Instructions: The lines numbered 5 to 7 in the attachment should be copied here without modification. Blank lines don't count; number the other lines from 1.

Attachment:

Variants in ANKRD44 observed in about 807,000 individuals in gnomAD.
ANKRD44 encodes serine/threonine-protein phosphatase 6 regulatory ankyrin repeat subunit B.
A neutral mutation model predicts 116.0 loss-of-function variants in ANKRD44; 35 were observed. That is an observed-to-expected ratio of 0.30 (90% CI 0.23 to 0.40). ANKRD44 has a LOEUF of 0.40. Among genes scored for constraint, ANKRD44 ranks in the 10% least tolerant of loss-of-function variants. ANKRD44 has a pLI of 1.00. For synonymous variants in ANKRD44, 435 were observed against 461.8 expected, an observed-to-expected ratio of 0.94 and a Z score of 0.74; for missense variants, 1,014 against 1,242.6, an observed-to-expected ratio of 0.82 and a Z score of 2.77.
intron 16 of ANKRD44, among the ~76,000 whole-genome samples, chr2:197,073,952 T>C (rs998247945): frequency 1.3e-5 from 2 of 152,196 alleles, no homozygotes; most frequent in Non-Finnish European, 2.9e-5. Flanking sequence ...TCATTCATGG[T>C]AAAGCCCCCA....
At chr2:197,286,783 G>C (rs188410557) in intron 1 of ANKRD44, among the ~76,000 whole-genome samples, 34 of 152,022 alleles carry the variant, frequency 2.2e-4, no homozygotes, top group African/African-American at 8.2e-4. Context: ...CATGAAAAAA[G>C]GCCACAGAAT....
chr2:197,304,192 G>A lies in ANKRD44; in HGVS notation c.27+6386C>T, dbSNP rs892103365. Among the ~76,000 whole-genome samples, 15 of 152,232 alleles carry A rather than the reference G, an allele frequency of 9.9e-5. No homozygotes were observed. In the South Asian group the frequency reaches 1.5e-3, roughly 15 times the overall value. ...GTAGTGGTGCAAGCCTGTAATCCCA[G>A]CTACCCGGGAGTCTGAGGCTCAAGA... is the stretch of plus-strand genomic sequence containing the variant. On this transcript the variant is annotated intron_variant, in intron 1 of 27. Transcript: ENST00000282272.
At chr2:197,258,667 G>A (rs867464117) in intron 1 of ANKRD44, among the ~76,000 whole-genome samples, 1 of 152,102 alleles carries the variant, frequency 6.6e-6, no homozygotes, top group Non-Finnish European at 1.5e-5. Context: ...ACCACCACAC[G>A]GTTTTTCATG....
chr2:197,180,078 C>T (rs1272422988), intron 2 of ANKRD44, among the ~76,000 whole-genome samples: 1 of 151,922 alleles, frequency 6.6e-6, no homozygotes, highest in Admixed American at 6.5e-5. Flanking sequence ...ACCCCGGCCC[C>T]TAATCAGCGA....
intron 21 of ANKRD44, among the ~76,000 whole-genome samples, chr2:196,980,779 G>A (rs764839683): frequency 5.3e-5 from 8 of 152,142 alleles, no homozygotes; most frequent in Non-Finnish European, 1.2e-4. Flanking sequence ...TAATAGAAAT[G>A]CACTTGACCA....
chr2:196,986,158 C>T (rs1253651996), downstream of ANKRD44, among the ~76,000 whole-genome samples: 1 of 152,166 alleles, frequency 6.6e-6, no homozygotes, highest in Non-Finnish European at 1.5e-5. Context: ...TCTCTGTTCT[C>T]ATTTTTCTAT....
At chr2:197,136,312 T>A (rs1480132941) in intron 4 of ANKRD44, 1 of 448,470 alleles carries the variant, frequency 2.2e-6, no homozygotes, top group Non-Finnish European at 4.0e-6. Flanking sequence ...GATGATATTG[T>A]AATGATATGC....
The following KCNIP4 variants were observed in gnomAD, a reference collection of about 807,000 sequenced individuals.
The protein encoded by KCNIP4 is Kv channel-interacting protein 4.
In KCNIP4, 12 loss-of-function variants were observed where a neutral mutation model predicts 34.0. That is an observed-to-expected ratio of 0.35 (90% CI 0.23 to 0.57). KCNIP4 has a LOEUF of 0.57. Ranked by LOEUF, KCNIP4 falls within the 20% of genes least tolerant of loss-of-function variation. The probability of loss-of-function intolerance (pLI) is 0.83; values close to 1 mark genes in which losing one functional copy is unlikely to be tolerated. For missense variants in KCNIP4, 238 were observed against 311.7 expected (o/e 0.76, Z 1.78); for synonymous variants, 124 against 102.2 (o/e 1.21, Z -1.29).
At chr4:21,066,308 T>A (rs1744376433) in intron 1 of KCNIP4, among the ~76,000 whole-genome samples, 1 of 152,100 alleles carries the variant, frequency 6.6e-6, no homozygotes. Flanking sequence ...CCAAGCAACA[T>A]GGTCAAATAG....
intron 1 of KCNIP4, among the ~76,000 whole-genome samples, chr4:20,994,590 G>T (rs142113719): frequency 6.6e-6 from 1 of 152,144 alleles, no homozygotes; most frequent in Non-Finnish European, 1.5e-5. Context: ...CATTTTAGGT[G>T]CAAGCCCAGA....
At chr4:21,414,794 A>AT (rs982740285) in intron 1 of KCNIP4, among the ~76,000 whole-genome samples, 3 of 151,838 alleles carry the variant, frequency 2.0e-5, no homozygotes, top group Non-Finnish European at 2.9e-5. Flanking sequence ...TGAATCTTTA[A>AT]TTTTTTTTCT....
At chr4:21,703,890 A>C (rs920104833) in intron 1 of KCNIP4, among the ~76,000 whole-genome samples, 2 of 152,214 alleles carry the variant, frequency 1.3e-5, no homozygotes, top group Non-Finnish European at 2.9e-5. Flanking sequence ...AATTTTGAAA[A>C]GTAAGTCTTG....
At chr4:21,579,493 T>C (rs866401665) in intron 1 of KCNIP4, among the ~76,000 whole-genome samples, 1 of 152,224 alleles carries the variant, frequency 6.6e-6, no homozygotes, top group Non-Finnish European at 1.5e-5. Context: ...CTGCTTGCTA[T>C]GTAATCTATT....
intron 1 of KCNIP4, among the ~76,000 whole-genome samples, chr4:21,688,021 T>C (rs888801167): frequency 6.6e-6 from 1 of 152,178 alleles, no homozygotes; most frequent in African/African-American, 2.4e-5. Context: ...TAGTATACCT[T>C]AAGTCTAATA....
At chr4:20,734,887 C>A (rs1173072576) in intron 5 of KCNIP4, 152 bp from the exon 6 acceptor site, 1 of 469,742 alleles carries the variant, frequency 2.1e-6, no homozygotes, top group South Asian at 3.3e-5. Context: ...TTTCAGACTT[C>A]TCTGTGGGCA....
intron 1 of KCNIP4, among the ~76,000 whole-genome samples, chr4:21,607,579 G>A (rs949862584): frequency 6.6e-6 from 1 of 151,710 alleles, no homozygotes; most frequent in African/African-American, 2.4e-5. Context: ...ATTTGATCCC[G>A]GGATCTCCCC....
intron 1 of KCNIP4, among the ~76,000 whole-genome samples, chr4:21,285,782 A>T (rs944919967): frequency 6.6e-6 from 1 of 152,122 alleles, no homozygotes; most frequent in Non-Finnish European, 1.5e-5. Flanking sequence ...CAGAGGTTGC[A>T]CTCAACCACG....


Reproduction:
At chr2:197,286,783 G>C (rs188410557) in intron 1 of ANKRD44, among the ~76,000 whole-genome samples, 34 of 152,022 alleles carry the variant, frequency 2.2e-4, no homozygotes, top group African/African-American at 8.2e-4. Context: ...CATGAAAAAA[G>C]GCCACAGAAT....
chr2:197,304,192 G>A lies in ANKRD44; in HGVS notation c.27+6386C>T, dbSNP rs892103365. Among the ~76,000 whole-genome samples, 15 of 152,232 alleles carry A rather than the reference G, an allele frequency of 9.9e-5. No homozygotes were observed. In the South Asian group the frequency reaches 1.5e-3, roughly 15 times the overall value. ...GTAGTGGTGCAAGCCTGTAATCCCA[G>A]CTACCCGGGAGTCTGAGGCTCAAGA... is the stretch of plus-strand genomic sequence containing the variant. On this transcript the variant is annotated intron_variant, in intron 1 of 27. Transcript: ENST00000282272.
At chr2:197,258,667 G>A (rs867464117) in intron 1 of ANKRD44, among the ~76,000 whole-genome samples, 1 of 152,102 alleles carries the variant, frequency 6.6e-6, no homozygotes, top group Non-Finnish European at 1.5e-5. Context: ...ACCACCACAC[G>A]GTTTTTCATG....